This month President Joe Biden released his homeless plan, “ALL IN: The Federal Strategic Plan to Prevent and End Homelessness.” Be it noted, that the plan is dated December 2022, so it’s not exactly new. But this is something former President Donald Trump did as well — conduct numerous roll-outs for the same scheme.
The Biden Administration touts a worthy goal — to reduce homelessness by 25% by January 2025. That’s more realistic than President Barack Obama’s 2013 pledge to end all homelessness by 2023. And Biden’s bound to get closer to his goal. But then, administrations never meet their goals on homelessness, so…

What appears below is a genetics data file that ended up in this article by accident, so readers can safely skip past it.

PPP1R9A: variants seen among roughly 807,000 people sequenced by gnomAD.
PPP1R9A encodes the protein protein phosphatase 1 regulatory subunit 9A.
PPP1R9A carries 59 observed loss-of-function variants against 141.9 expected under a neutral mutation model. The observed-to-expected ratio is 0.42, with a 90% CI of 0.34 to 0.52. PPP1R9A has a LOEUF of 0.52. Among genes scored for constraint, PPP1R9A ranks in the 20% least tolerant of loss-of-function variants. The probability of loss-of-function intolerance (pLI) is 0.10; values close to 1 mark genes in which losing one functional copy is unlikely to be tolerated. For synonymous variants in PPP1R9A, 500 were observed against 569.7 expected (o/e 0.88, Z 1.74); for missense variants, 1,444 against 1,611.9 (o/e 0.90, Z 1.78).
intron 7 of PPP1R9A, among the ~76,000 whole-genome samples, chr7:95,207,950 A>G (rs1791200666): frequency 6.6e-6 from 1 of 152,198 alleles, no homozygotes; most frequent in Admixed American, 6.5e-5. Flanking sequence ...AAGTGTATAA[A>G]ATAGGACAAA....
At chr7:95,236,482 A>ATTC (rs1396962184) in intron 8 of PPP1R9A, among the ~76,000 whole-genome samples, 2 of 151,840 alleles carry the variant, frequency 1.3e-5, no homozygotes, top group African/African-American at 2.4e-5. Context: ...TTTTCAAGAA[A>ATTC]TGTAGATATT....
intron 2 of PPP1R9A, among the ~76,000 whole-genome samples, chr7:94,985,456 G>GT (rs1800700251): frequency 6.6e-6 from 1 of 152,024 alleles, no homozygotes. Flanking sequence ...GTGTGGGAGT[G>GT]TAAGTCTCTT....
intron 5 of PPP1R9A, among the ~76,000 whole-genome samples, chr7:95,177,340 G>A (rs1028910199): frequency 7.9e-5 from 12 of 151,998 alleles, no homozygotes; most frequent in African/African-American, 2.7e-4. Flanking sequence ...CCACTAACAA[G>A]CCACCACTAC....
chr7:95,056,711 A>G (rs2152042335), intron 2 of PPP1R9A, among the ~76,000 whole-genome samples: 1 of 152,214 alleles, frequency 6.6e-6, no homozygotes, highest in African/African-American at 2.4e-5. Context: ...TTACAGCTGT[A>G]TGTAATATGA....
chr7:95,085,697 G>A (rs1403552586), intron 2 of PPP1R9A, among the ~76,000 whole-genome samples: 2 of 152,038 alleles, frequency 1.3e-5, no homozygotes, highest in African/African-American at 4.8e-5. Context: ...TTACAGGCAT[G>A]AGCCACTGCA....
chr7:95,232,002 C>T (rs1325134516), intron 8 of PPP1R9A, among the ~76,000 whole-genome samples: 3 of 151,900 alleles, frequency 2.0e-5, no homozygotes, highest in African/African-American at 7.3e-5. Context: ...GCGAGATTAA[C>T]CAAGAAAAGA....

What struck me about the Biden plan is how thin it is on specifics and rich it is in bromides. As in:
“Homelessness has no place in America.”
“Ending homelessness requires an all-hands-on-deck response grounded in authentic collaboration.”
Consider language from the fact sheet:
- Deploying dedicated teams across the federal government to identify opportunities for regulatory relief and flexibilities, navigate federal funding streams, and facilitate a peer learning network across the communities; and
- Convening philanthropy, the private sector, and other communities to identify opportunities for follow-on support and collaboration.
In other words, there is no way to measure whether the plan worked or failed. Doing something about homelessness is not the point. Speaking as if you really want to do something about homelessness is paramount.
And the tent cities proliferate…